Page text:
Greenhouse gas (GHG)
Greenhouse gases are those gaseous constituents of the atmosphere, both natural and anthropogenic, that absorb and emit radiation at specific wavelengths within the spectrum of terrestrial radiation emitted by the earth’s surface, the atmosphere itself, and by clouds. This property causes the greenhouse effect. Water vapour (H2O), carbon dioxide (CO2), nitrous oxide (N2O), methane (CH4) and ozone (O3) are the primary greenhouse gases in the earth’s atmosphere. Moreover, there are a number of entirely human-made greenhouse gases in the atmosphere, such as the halocarbons and other chlorine- and bromine- containing substances, dealt with under the Montreal Protocol. Beside CO2, N2O and CH4, the Kyoto Protocol deals with the greenhouse gases sulphur hexafluoride (SF6), hydrocarbons (HFCs) and perfluorocarbons (PFCs).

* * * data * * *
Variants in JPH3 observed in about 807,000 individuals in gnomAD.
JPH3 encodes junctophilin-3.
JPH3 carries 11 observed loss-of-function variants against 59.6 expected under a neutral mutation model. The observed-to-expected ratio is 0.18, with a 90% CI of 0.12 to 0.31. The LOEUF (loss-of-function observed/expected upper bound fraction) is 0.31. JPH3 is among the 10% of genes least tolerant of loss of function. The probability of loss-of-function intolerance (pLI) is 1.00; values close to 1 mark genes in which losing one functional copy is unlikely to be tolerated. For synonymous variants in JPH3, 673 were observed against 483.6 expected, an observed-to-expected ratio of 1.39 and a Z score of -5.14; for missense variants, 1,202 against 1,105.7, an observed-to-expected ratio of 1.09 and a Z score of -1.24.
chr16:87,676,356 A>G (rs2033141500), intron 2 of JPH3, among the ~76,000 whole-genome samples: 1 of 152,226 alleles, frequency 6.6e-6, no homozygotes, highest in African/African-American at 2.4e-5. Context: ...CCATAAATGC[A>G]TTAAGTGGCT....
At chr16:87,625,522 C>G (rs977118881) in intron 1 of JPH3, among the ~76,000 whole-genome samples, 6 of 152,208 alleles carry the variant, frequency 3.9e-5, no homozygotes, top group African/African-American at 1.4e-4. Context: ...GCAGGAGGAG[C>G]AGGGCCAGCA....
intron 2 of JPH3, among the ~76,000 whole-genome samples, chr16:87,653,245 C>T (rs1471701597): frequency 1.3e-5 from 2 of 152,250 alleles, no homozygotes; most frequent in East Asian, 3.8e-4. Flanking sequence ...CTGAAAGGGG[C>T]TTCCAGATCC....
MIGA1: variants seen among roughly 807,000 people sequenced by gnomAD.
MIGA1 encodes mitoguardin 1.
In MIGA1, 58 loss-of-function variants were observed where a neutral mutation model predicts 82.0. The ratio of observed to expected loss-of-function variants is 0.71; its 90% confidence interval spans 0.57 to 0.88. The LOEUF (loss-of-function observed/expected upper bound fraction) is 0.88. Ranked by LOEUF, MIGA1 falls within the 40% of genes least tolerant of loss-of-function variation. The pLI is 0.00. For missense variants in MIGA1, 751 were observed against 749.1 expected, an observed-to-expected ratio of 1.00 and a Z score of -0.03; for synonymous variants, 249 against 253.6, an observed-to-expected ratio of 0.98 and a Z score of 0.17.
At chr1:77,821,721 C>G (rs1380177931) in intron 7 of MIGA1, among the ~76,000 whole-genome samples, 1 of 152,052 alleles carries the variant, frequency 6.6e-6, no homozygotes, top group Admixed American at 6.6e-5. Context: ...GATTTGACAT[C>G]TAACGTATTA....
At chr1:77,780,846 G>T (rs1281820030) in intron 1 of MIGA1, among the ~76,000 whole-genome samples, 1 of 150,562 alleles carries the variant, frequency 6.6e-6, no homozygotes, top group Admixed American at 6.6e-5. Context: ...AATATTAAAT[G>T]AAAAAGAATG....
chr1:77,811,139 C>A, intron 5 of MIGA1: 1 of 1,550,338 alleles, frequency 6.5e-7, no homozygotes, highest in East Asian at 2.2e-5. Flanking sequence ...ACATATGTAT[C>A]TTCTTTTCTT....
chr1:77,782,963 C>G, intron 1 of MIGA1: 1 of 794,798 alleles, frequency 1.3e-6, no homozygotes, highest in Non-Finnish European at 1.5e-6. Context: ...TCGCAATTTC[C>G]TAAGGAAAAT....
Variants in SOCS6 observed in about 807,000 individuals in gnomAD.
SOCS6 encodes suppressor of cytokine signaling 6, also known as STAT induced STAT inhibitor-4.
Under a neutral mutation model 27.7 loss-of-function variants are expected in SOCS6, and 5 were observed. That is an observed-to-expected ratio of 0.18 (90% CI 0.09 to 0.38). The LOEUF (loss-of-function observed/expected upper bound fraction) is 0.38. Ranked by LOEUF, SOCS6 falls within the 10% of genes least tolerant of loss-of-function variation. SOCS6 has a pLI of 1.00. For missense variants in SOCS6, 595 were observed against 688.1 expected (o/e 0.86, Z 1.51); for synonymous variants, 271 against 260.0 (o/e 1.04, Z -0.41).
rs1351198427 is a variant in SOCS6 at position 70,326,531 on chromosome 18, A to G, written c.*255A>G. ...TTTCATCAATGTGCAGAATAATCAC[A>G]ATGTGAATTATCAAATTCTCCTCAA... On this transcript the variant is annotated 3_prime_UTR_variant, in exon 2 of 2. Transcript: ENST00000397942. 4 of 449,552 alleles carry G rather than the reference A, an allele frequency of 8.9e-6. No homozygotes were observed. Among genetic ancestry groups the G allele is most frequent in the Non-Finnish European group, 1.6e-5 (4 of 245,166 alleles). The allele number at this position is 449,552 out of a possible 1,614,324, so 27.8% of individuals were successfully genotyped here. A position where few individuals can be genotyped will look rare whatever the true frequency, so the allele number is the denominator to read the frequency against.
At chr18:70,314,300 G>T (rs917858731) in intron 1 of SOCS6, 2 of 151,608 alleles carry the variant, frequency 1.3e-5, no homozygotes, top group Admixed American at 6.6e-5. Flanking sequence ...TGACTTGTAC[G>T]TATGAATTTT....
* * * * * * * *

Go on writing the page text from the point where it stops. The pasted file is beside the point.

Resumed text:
IPCC (2014) 1
References & Websites
- IPCC, 2014: Climate Change 2014: Mitigation of Climate Change. Contribution of Working Group III to the Fifth Assessment Report of the Intergovernmental Panel on Climate Change [Edenhofer, O., R. Pichs-Madruga, Y. Sokona, E. Farahani, S. Kadner, K. Seyboth, A. Adler, I. Baum, S. Brunner, P. Eickemeier, B. Kriemann, J. Savolainen, S. Schlömer, C. von Stechow, T. Zwickel and J.C. Minx (eds.)]. Cambridge University Press, Cambridge, United Kingdom and New York, NY, USA.